Pestano started the season with the Indians, but gave up runs in all three appearances and was optioned to Columbus on April 9. He gave up five runs (three earned) on April 29 in the second game of a doubleheader at Norfolk. His season made a complete 180-degree turn after that appearance, pitching 18 games (18.2 innings) and allowing just one run (0.48 ERA) to earn a promotion back to Cleveland.
He was used only against right-handed batters during his time with Cleveland. After spending three weeks there and used sparingly, he was sent back to Columbus. He pitched in seven games (five innings) with the Clippers prior to the trade and allowed only one run (1.80 ERA) before being traded.
Mike Clevinger, who came to the Indians organization as a part of that trade, will be assigned to Class A-Advanced Carolina. He made his debut with the Mudcats on Sunday, tossing three innings in relief. He allowed three runs on four hits and walk. Clevinger allowed a home run and struck out one.
Herrmann gone too
Though the move didn't become official until Monday, but the Indians have released RHP Frank Herrmann. He was coming back from Tommy John surgery in 2013. He was brought along slowly and pitched well over the first month of the year compiling a 1.08 ERA in 8.1 innings (eight appearances).
He struggled after that point, however, and in his last 20 appearances allowed 20 runs over 21.1 innings. That included a game in which he gave up six in one inning (July 10 at Indianapolis). He last appeared on July 24, tossing 0.2 innings and giving up one run at Louisville. He was placed on the disabled list on July 30 with a left calf strain.
The Harvard graduate began his career in the Indians organization as a starter. By the time he reached Columbus for the first time in 2009 he had already been converted to a reliever. He pitched parts of five season with the Clippers (2009-2012 and 2014) pitching in 142 games. In 197.2 innings with the Clippers he had a 3.73 ERA with his best year being his first. In 2009, he pitched in 44 games (76 innings) and had a 2.96 ERA.
Are we there yet?
No, but the Clippers extended their lead over the division over the course of the week. Indianapolis is still in second, 4.5 games back, Toledo is 5.5 games back, and Louisville is bringing up the rear at six games back.
This week, Toledo and Indianapolis hook up after a day off on Monday for three at Fifth Third Field. Both of them are now done with out-of-division play.
Toledo and Columbus hook up for six consecutive starting in Toledo this weekend before moving to Huntington Park next week.
After Indianapolis leaves Toledo on Thursday, they play Louisville for six straight starting at Louisville Slugger Field over the weekend before moving to Indianapolis.
Louisville, like Columbus, begins the week out of division. They play host to Scranton Wilkes-Barre for four before they see Indy.
This is how the division teams line up over the last three weeks:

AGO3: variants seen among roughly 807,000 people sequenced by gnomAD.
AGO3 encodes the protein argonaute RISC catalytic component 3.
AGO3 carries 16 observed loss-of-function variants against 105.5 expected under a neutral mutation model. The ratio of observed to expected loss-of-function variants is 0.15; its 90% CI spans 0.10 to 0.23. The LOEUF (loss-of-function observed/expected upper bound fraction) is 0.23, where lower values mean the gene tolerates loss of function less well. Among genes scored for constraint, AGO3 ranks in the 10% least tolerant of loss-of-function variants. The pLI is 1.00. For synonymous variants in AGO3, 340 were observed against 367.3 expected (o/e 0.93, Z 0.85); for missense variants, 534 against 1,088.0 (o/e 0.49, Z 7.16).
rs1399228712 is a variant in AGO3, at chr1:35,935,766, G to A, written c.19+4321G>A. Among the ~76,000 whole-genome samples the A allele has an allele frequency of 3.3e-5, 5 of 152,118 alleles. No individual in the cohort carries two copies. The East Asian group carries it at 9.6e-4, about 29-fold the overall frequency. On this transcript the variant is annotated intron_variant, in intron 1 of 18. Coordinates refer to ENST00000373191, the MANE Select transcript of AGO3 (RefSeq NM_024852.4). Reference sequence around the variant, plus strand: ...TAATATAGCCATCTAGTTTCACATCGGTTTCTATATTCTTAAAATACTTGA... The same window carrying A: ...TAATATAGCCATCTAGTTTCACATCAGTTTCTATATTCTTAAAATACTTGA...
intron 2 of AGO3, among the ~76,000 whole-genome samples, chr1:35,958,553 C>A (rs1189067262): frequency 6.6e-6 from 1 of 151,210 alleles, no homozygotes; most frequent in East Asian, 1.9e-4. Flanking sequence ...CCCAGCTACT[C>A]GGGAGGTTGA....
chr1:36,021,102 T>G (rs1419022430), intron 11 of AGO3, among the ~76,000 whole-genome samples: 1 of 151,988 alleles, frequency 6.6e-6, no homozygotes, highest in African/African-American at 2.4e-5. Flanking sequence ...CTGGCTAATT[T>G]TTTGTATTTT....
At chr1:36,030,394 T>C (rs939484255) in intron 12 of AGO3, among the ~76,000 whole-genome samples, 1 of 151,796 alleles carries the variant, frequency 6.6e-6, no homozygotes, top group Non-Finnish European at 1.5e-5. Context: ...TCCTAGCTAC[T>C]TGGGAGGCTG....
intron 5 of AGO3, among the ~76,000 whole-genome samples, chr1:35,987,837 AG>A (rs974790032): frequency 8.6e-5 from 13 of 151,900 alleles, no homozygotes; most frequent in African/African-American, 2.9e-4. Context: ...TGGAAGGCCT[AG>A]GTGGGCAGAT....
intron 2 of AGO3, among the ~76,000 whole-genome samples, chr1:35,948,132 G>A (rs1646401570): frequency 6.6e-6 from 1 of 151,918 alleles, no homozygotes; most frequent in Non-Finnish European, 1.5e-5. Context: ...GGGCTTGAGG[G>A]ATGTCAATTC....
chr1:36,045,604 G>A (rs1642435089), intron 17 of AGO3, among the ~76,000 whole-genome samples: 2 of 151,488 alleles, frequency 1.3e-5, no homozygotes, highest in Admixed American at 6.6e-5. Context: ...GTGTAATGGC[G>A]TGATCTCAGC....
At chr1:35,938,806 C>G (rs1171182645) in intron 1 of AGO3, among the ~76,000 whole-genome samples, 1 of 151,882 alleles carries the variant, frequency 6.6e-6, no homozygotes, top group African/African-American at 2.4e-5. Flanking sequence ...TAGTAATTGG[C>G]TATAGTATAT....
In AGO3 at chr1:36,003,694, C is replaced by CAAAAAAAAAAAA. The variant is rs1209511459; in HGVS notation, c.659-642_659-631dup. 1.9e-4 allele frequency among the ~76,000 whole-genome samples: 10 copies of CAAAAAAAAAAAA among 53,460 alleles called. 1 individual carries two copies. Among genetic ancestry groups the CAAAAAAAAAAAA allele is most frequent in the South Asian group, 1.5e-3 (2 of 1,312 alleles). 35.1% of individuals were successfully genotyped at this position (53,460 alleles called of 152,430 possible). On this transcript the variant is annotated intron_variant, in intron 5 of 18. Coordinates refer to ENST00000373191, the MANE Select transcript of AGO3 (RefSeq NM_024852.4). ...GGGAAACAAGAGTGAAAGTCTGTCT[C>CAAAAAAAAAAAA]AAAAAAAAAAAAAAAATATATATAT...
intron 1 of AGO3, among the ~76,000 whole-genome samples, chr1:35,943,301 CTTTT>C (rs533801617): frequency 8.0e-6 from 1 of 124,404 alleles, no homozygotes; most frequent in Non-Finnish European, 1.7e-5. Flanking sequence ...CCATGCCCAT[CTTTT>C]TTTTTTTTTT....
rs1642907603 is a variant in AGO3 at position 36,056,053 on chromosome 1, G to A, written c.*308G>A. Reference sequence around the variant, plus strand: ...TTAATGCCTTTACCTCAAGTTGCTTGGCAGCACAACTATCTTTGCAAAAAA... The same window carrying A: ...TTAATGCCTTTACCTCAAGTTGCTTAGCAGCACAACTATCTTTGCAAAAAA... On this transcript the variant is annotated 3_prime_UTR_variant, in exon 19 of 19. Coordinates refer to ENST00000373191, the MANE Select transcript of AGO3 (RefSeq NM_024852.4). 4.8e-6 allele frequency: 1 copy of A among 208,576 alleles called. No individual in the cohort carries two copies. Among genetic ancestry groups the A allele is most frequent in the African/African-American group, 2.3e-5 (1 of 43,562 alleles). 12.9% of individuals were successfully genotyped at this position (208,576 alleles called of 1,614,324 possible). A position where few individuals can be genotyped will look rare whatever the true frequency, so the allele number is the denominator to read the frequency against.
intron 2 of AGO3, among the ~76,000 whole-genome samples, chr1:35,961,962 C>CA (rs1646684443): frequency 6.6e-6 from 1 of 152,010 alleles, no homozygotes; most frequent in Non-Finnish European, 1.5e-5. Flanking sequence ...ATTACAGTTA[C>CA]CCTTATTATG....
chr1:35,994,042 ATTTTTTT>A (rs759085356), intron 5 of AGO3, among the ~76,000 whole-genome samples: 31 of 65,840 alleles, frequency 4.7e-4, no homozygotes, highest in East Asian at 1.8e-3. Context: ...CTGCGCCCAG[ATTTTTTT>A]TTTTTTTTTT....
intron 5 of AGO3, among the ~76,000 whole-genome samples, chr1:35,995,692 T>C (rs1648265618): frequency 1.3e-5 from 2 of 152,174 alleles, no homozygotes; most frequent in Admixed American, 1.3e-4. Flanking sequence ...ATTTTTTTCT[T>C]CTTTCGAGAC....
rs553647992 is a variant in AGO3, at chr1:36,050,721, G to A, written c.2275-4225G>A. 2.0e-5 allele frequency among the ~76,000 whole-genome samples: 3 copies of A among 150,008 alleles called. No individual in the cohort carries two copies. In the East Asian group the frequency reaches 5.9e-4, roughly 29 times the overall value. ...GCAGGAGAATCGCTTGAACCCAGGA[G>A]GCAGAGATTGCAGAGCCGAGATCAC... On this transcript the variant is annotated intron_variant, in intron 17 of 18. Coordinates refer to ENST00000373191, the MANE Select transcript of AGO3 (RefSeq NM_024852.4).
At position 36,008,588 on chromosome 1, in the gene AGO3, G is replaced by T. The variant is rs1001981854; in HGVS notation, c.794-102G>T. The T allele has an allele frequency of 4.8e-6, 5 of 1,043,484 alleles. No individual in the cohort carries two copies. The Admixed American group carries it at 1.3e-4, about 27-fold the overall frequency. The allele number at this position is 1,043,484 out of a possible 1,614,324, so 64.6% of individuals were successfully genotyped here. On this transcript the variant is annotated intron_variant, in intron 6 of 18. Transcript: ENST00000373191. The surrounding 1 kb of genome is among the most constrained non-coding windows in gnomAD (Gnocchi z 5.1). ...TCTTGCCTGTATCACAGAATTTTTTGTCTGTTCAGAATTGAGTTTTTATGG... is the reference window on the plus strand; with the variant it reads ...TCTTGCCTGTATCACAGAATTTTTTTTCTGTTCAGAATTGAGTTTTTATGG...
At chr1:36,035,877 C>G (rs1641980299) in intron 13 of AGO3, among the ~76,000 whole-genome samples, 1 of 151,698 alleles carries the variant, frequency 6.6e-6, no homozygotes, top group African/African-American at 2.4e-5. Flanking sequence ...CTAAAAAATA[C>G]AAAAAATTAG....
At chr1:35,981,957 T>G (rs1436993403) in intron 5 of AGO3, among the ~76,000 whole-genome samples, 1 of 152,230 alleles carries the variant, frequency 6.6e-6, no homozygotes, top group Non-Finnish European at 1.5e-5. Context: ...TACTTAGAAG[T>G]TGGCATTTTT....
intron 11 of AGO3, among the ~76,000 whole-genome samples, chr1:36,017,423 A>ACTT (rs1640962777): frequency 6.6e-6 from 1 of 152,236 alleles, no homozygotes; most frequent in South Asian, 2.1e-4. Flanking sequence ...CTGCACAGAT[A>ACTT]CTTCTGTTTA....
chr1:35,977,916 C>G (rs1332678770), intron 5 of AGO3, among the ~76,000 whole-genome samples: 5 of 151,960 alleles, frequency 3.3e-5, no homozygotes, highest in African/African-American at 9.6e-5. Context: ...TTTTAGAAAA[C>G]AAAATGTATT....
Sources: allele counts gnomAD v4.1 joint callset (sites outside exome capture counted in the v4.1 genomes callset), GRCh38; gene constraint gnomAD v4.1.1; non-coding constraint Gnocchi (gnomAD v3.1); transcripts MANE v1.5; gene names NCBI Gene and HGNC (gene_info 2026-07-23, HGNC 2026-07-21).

Clippers vs Toledo: ten games, five at Toledo, five at Columbus
Clippers vs Indy: six games, three at Indy, three at Columbus
Clippers vs Louisville: two games at Louisville
Toledo vs Indy: five games, three at Toledo, two at Indianapolis
Toledo vs Louisville: six games, three at Louisville, three at Toledo
Louisville vs Indy: ten games, four at Louisville, six at Indianapolis
OF Carlos Moncrief
Since July 17: 23 G, 30-90, 13 R, 7 2B, 2 3B, 2 HR, 18 RBI, 7 BB, 19 K, .333 BA, .381 OBP, .522 SLG,
He may have the biggest gun in IL West, but his bat is a pretty nice weapon too. He’s been playing well since the All-Star break and had a pretty nice road trip to go continue that trend. His game-winning two-run on Saturday night might have been the biggest hit of the road trip. He also put himself in the record books with his 21st outfield assist at Pawtucket to start the road trip.
RHP Kyle Davies
Since August 2: 2 G, 2 GS, 1-0, 13 IP, 7 H, 1 R, 0 ER, 2 BB, 11 K, 0.00 ERA
In his start on July 28, Davies pitched four innings and 75 pitches against Norfolk. Since then, he hasn’t given up much. In fact, he’s only been charged with one run and it was unearned. His most recent start against Scranton/Wilkes-Barre on Friday night, he held them to two hits over seven innings, retiring the final eight batters he saw.
RHP Gabriel Arias
Since July 11: 5 G, 5 GS, 4-0, 34 IP, 30 H, 10 R, 10 ER, 6 BB, 13 K, 3 HR, 2.65 ERA
He’s been like a new pitcher since his return to Columbus for the July 11 start at Indianapolis. In the five starts since his return, four of them have been quality ones and he’s pitched at least six innings each time. He had one hiccup in the August 1 start against Louisville where he gave up a pair of two-run homers in one inning, but he responded in his last start by shutting out the RailRiders for seven innings. He was also pitch efficient in that start, tossing just 74 pitches before being lifted.
Lost at Sea
INF/OF Elliot Johnson
Since July 25: 13 G, 8-48, 4 R, 3 2B, 1 HR, 4 RBI, 7 BB, 17 K, .167 BA, .273 OBP, .292 SLG.